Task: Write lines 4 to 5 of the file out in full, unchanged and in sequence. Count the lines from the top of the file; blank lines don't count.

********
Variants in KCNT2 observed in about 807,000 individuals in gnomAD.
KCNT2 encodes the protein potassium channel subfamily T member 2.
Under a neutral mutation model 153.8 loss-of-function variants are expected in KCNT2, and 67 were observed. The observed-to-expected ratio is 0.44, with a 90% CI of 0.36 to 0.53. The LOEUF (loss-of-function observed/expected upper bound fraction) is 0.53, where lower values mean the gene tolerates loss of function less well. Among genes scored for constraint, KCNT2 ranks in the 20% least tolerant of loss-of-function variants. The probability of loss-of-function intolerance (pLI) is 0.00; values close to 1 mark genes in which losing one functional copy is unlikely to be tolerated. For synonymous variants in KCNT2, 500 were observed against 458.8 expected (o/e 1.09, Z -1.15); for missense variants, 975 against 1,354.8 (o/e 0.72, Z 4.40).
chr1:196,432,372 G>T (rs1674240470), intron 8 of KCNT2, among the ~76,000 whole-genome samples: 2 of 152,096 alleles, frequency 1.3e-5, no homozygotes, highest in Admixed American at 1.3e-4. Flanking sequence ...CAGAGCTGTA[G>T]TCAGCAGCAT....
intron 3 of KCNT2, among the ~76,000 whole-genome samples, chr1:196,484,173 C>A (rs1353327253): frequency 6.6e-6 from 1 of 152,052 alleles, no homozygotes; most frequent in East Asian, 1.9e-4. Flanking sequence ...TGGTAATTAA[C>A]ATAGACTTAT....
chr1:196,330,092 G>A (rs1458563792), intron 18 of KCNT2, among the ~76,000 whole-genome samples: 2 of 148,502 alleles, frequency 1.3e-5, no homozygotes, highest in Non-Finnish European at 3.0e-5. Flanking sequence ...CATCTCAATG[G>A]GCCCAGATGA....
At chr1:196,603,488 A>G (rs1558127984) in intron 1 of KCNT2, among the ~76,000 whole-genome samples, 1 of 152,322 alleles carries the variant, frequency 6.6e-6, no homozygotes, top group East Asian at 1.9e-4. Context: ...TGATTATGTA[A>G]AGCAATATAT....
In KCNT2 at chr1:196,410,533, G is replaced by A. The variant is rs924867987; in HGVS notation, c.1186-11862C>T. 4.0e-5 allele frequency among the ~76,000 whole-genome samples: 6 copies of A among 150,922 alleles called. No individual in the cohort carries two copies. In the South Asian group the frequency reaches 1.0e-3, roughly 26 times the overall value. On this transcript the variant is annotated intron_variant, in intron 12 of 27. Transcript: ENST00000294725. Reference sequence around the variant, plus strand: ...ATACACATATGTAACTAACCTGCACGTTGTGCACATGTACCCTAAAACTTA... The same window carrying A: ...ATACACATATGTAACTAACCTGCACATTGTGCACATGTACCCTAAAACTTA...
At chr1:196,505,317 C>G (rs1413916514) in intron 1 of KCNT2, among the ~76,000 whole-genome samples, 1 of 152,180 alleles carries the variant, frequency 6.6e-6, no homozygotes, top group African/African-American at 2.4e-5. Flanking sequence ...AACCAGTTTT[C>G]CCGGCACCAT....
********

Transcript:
chr1:196,432,372 G>T (rs1674240470), intron 8 of KCNT2, among the ~76,000 whole-genome samples: 2 of 152,096 alleles, frequency 1.3e-5, no homozygotes, highest in Admixed American at 1.3e-4. Flanking sequence ...CAGAGCTGTA[G>T]TCAGCAGCAT....
intron 3 of KCNT2, among the ~76,000 whole-genome samples, chr1:196,484,173 C>A (rs1353327253): frequency 6.6e-6 from 1 of 152,052 alleles, no homozygotes; most frequent in East Asian, 1.9e-4. Flanking sequence ...TGGTAATTAA[C>A]ATAGACTTAT....